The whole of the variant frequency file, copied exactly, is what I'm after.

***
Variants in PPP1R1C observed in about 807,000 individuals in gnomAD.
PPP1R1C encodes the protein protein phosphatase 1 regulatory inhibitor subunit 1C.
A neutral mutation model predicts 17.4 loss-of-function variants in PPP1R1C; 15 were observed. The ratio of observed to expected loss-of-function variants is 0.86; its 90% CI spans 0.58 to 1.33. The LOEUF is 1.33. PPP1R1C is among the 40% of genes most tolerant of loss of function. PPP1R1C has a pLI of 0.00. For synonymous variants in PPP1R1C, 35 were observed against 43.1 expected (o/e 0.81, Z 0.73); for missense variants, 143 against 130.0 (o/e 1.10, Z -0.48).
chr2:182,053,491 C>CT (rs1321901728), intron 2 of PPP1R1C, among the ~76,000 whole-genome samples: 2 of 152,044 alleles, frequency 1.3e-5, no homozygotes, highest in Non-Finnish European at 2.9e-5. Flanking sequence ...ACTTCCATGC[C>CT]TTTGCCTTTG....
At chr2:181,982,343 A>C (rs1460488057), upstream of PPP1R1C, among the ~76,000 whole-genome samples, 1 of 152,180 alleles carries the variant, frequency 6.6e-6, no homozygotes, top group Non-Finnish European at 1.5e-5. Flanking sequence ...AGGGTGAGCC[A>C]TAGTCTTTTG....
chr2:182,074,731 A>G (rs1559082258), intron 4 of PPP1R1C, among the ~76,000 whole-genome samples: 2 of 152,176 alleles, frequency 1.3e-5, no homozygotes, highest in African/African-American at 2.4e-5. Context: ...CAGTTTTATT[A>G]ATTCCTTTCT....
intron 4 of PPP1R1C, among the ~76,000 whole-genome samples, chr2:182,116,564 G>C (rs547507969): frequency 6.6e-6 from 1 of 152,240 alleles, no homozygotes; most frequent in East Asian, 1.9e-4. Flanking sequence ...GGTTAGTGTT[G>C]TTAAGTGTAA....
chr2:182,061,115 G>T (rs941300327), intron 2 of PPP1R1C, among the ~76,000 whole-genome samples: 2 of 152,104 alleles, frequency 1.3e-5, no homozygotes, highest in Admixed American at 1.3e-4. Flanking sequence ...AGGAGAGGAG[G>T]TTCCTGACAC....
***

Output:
Variants in PPP1R1C observed in about 807,000 individuals in gnomAD.
PPP1R1C encodes the protein protein phosphatase 1 regulatory inhibitor subunit 1C.
A neutral mutation model predicts 17.4 loss-of-function variants in PPP1R1C; 15 were observed. The ratio of observed to expected loss-of-function variants is 0.86; its 90% CI spans 0.58 to 1.33. The LOEUF is 1.33. PPP1R1C is among the 40% of genes most tolerant of loss of function. PPP1R1C has a pLI of 0.00. For synonymous variants in PPP1R1C, 35 were observed against 43.1 expected (o/e 0.81, Z 0.73); for missense variants, 143 against 130.0 (o/e 1.10, Z -0.48).
chr2:182,053,491 C>CT (rs1321901728), intron 2 of PPP1R1C, among the ~76,000 whole-genome samples: 2 of 152,044 alleles, frequency 1.3e-5, no homozygotes, highest in Non-Finnish European at 2.9e-5. Flanking sequence ...ACTTCCATGC[C>CT]TTTGCCTTTG....
At chr2:181,982,343 A>C (rs1460488057), upstream of PPP1R1C, among the ~76,000 whole-genome samples, 1 of 152,180 alleles carries the variant, frequency 6.6e-6, no homozygotes, top group Non-Finnish European at 1.5e-5. Flanking sequence ...AGGGTGAGCC[A>C]TAGTCTTTTG....
chr2:182,074,731 A>G (rs1559082258), intron 4 of PPP1R1C, among the ~76,000 whole-genome samples: 2 of 152,176 alleles, frequency 1.3e-5, no homozygotes, highest in African/African-American at 2.4e-5. Context: ...CAGTTTTATT[A>G]ATTCCTTTCT....
intron 4 of PPP1R1C, among the ~76,000 whole-genome samples, chr2:182,116,564 G>C (rs547507969): frequency 6.6e-6 from 1 of 152,240 alleles, no homozygotes; most frequent in East Asian, 1.9e-4. Flanking sequence ...GGTTAGTGTT[G>C]TTAAGTGTAA....
chr2:182,061,115 G>T (rs941300327), intron 2 of PPP1R1C, among the ~76,000 whole-genome samples: 2 of 152,104 alleles, frequency 1.3e-5, no homozygotes, highest in Admixed American at 1.3e-4. Flanking sequence ...AGGAGAGGAG[G>T]TTCCTGACAC....